Why z Is Not a Prime Power in z^p = x^p + y^p

One of the fascinating things about Fermat's Last Theorem is that,
although the general case is extraordinarily difficult, it is possible
to dispose of many special cases with quite elementary arguments, as
shown by Sophie Germain in her treatment of "Case 1".  By equally 
elementary arguments we can show that x^p + y^p = z^p can have no 
solution in positive integers if z is a prime, or any power of a
prime.  This is admittedly a severe restriction, but it's interesting
to note that the primitive integer solutions of x + y = z can be 
decomposed (trivially) into solutions where z is a prime, and that 
the primitive integer solutions of x^2 + y^2 = z^2 can be decomposed 
into solutions where z is a prime of the form 4k+1, whereas our
proposition rules out the possibility of decomposing a solution of
x^p + y^p = z^p into solutions with prime z for any p greater than 
2.  It's conceivable that Fermat in (say) 1638 might have momentarily
assumed that any solution with composite z must be factorable into
solutions with prime z, and since the latter cannot exist, he might
have (rashly) concluded that neither can the former.  Of course, it's
not the case that solutions of x^p + y^p = z^p with composite z must
be factorable, so we can't rule them out based on this argument, but
it nevertheless shows that the set of solutions for exponent greater
than 2 could not possibly be anything like the well-behaved families
of solutions for exponents 1 and 2, but would necessarily be "sporadic".

So, it's worthwhile to sketch out the simple proof that x^p + y^p = z^p
with p a prime greater than 2 can have no primitive solutions in positive
integers if z is a prime, or even any power of a prime.  We begin by
noting the algebraic identity for any positive integers x,y and odd 
prime p

             (p-1)/2            (p-j-1)!
 x^p + y^p  =  SUM   (-1)^j  p ---------- (x+y)^(p-2j) (xy)^j      (1)
               j=0             j! (p-2j)!


The coefficient of the jth term (up to sign) is the sum of binomial 
coefficients
                     / p-j \       / p-j-1 \
                    (       )  +  (         )
                     \  j  /       \  j-1  /

and since j and p-2j are less than p for j greater than 0, it's clear
that this coefficient is a multiple of p for all terms except j=0,
for which it is 1.  For example, with p=11 we have

 x^11 + y^11  =  (x+y)^11  -  11 (x+y)^9 (xy)  +  44 (x+y)^7 (xy)^2

                         -  77 (x+y)^5 (xy)^3  +  55 (x+y)^3 (xy)^4

                                               -  11 (x+y) (xy)^5

Now, if we assume positive integers x,y,m and odd prime q such that

                  x^p + y^p  =  (q^m)^p

then since the left side is divisible by (x+y) the right side must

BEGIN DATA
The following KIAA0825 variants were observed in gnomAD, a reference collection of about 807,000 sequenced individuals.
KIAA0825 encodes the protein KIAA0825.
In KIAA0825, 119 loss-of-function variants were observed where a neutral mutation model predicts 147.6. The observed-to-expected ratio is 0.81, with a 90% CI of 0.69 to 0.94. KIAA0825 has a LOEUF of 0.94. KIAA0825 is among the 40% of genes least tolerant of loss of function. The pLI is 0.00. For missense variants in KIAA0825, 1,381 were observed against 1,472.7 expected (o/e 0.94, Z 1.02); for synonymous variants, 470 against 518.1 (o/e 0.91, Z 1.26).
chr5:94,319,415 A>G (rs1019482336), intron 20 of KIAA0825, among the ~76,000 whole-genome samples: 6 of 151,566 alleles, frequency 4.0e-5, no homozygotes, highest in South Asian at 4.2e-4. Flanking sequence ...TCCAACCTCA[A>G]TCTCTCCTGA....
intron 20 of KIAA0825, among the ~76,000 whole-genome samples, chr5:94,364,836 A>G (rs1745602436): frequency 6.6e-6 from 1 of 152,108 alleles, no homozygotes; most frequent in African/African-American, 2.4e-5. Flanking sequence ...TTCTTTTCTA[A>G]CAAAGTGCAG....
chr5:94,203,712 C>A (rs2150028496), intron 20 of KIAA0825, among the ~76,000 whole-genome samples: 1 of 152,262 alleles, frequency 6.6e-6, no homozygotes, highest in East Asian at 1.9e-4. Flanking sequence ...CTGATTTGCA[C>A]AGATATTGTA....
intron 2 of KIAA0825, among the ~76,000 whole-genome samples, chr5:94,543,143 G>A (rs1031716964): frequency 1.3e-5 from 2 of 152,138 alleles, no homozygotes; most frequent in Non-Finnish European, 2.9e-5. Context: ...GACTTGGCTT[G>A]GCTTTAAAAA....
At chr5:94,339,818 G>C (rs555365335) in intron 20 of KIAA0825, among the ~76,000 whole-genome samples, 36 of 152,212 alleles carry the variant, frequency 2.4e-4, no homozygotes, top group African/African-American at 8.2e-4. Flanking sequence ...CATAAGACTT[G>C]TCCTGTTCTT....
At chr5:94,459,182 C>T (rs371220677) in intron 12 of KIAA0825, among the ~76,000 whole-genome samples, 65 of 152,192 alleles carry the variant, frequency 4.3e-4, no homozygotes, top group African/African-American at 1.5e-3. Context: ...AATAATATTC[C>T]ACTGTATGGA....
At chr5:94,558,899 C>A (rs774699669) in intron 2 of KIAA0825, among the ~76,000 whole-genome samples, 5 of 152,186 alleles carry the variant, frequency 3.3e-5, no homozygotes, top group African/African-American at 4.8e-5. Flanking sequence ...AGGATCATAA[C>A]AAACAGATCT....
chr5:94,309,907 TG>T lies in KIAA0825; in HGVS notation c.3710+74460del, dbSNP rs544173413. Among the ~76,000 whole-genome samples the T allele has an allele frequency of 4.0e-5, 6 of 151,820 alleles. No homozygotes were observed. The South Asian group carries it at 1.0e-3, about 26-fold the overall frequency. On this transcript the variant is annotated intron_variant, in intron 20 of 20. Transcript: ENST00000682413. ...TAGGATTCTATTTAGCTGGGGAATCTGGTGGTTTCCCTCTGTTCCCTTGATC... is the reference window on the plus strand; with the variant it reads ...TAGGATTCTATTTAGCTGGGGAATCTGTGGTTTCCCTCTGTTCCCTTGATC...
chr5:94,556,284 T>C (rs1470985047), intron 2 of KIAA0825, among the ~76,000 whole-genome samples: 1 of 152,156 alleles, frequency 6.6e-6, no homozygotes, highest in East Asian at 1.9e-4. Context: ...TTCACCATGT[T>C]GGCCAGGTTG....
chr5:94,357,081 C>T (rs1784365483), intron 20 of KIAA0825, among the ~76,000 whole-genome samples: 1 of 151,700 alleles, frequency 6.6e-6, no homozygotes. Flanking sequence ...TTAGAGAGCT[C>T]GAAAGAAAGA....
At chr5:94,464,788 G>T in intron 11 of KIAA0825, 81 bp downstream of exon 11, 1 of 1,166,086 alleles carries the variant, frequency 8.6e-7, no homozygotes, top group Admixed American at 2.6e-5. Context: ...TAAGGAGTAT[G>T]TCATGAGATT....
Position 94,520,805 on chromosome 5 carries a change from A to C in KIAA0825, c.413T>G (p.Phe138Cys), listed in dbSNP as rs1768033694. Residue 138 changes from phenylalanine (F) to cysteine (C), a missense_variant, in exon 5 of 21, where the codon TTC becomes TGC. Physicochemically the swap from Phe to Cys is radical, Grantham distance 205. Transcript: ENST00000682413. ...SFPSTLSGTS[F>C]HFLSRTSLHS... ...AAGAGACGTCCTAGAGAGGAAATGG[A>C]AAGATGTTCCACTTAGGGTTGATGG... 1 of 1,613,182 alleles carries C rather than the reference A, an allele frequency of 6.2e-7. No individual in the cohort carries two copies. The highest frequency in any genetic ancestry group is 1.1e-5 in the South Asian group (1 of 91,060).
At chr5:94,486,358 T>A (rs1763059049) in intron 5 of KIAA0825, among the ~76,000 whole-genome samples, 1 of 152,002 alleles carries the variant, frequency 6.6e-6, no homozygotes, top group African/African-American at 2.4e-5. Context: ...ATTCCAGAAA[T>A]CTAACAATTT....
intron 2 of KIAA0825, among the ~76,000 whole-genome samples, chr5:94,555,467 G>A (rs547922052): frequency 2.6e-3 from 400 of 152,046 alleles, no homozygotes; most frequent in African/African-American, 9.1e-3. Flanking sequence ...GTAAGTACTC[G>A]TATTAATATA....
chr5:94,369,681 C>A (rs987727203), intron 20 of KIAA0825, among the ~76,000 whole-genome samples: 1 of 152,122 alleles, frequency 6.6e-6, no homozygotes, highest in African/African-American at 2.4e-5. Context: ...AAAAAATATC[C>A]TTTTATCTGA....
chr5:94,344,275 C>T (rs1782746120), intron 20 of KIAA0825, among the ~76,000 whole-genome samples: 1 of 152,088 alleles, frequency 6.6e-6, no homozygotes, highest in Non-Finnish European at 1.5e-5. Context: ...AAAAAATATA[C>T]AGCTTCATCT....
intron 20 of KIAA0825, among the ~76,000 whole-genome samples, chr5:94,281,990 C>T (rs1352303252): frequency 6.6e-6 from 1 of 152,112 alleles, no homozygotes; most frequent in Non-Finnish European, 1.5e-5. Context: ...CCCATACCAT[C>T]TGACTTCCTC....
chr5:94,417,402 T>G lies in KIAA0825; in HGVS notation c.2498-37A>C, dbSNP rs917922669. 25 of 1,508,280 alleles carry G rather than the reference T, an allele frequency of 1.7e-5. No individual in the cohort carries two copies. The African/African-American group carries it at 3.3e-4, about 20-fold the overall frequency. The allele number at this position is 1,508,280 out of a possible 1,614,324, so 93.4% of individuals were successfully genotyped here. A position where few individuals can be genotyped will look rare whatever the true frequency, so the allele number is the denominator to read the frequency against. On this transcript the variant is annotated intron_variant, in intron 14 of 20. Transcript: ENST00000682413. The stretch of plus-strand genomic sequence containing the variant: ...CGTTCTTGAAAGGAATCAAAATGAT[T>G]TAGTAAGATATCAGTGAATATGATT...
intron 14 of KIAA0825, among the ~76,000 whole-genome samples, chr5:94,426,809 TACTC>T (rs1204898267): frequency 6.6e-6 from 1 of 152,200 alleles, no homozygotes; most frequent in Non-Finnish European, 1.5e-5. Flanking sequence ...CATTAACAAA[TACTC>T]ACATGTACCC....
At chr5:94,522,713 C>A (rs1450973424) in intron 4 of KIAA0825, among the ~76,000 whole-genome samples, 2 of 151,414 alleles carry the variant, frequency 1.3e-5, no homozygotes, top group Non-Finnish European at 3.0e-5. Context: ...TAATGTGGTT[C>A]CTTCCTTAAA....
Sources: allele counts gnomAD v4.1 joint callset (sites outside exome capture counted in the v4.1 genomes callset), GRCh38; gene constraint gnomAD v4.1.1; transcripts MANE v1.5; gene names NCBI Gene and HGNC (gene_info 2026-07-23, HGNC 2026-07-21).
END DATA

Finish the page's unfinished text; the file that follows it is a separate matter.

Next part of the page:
be also, which implies that (x+y) is a power of q.  Thus we have
(x+y) = q^s, and it's clear that s must be greater than 0, because
because x+y is greater than 1 (since both x and y are positive 
integers).  Also, s cannot equal mp, because that would imply
(x+y) = (x^p + y^p), which is impossible in integers greater than 1.

So, settiing equation (1) equal to q^(mp) and dividing by (x+y) = q^s,
we have

  (p-1)/2            (p-j-1)!
    SUM   (-1)^j  p ---------- (q^s)^(p-2j-1) (xy)^j   =   q^(mp-s)
    j=0             j! (p-2j)!

Every term on the left side contains *multiple* factors of q, with the
exception of the final term, which is (up to sign) of the form

                         p (xy)^((p-1)/2)

so this term must be divisible by at least one power of q.  If q does 
not equal p, then q must divide xy, which is impossible because we 
assumed x,y coprime to z.  Also, if s is less than mp-1 the above 
term must be divisible by more than one power of q, so it is still
necessary for q to divide xy, contradicting the assumptions.

On the other hand, if q=p there remains the possibility that s equals
mp-1, in which case we have

                 x^p + y^p
                 ---------  =  p
                   x + y

However, if p is an odd prime and both x and y exceed 1, we have x^p 
greater than px, and y^p greater than py, which implies that (x^p+y^p)
is strictly greater than p(x+y), ruling out the above equality.  The 
only remaining possibility in distinct integers is x=1,y=2, but this
requires 2^p = 3p - 1, which is not satisfied for any prime p greater
than 3, and the case p=3,x=1,y=2 can be ruled out by inspection.

As a historical aside, the great Niels Abel once remarked that Fermat's
equation x^p + y^p = z^p with p an odd prime is impossible if any of 
the numbers x, y, z are prime powers (and also if z+x, z+y, or x-y is
a prime).  Needless to say, the preceding does not constitute a proof
of Abel's statement because it covers only the number z (with the 
stipulation that x, y, and z are positive integers).  The analogous
statements for x and y are much more difficult, because we can't
appeal to simple numerical inequalities to limit the range of possible
solutions.

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